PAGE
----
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The Kuns or Kuny (Russian Куны) are an ethnic group of Eastern Europe that may have originally been synonymous with the Cumans: both peoples are known in Hungarian as Kunok and a region of Hungary traditionally inhabited by Cumans is known in Hungarian as Kunság. However, the Kuny are distinguished (possibly erroneously) from the Cumans in some Medieval Hungarian and Russian sources and appear alongside them.[1]

While they were first described, during the Early Middle Ages, as living in Inner Asia and speaking a Turkic language, many of the Kuny later migrated through Russia to Hungary.

Contents

HistoryEdit

At the beginning of the 7th century trekked north of the Gobi Desert. In the 8th and 9th centuries included in Uyghur Khaganate. Migrated to the upper Yenisei, being adjacent to the Kayi.

About subsequent events al-Marvazi reports that Kayi pushed Kuns, and those, in turn, the Sari (i.e. the Polovtsians or Kipchaks).[2]

In the 11th to 13th centuries, the name Kuns occurs in Hungarian and Russian ancient books along with the Cumans, Kipchaks.[3]Pechenegs and/or Uz (Oghuz]].

According to one version, the tribe Toksoba referred to various primary sources, was Kuns, and this period corresponded to the Don Polovtsians. There is also a version of that the Russian name of Polovtsians - Sarochins evolved from two roots - Sari and Kuns.[4]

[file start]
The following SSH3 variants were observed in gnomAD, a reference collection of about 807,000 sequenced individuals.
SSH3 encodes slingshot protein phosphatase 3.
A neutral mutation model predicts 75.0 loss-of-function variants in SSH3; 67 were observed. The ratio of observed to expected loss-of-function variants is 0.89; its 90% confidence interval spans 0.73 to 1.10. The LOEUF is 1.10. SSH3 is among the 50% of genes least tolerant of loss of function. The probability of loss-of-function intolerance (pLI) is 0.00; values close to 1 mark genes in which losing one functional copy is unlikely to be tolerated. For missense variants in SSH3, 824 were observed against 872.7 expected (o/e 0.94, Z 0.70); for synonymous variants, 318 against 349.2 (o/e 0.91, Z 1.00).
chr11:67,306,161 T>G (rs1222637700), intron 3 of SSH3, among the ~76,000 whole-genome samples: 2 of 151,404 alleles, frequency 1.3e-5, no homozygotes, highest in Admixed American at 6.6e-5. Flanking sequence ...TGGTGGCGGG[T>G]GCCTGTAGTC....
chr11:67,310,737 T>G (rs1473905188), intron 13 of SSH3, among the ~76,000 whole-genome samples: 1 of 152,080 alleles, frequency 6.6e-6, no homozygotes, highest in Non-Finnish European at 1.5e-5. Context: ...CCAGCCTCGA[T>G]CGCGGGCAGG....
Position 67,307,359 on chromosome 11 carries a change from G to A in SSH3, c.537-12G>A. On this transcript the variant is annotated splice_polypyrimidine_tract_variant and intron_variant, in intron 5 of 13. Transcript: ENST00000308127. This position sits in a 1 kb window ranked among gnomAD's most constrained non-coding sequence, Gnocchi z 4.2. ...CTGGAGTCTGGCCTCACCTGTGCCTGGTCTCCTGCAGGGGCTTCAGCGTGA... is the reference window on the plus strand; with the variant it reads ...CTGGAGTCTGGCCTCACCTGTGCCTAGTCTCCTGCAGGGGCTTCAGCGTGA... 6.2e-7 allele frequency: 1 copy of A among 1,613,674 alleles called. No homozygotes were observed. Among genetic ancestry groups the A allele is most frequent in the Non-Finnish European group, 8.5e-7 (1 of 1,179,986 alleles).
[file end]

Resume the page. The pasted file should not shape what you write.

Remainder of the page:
Descendants of ancient KunsEdit

 
Kunság (Cumania) within modern Hungary

Currently Kuns - call themselves part of the Hungarians, erecting their genealogy back to medieval Kuns-Toksoba from the Cuman-Kipchak confederation.[5] Kuns in Hungary mainly live in areas Kunshag Small and Large Kunshag. According to official historiography of Hungary known that Kuns consistently settled Danube - two migrations. The first was in the 11th century,[6] the second - at Köten-Khan in the 13th century.[7]

Descendants of the Toksoba Kuns live in the South Ural - including members of Bashkirian clans such as the Qipsaq, Nughay-Buryjan and Teleu.[8]

See alsoEdit

BibliographyEdit

  1. ^ Расовский Д.А. Половцы. Чёрные клобуки: печенеги, торки и берендеи на Руси и в Венгрии (работы разных лет). 1-й том, серия "Материалы и исследования", проект "Суюн". М., ЦИВОИ, 2012, 240 с., С.125-126, 132.
  2. ^ Евстигнеев Ю.А. Куманы/куны кто они? Terra Humana Archived 2014-04-19 at the Wayback Machine.
  3. ^ Расовский Д.А. Половцы. Чёрные клобуки: печенеги, торки и берендеи на Руси и в Венгрии (работы разных лет). 1-й том, серия "Материалы и исследования", проект "Суюн". М., ЦИВОИ, 2012, 240 с., С.125-126, 132.
  4. ^ Добродомов И.Г. О половецких этнонимах в древнерусской литературе // Тюркологический сборник. 1975 / АН СССР. Ин-т востоковедения; Отв. ред. А.Н. Кононов. – М.: Наука, 1978. – С. 102–129.
  5. ^ Kunok és Jászok - I. rész
  6. ^ Selmeczi László utószava (1992) Gyárfás István jász-kun történetéhez (1870).
  7. ^ Korai magyar történeti lexikon : 9–14. század. Főszerk. Kristó Gyula. Budapest: Akadémiai. 1994. ISBN 963-05-6722-9
  8. ^ Муратов Б.А., Суюнов Р.Р. ДНК-генеалогия башкирских родов из сако-динлинской подветви R1a+Z2123//Суюнов Р.Р. Гены наших предков (2-е издание). Том 3, серия «Этногеномика и ДНК-генеалогия», ЭИ Проект «Суюн». Vila do Conde, Lidergraf, 2014, — 250 c., илл., Португалия (Portugal), С.15-77.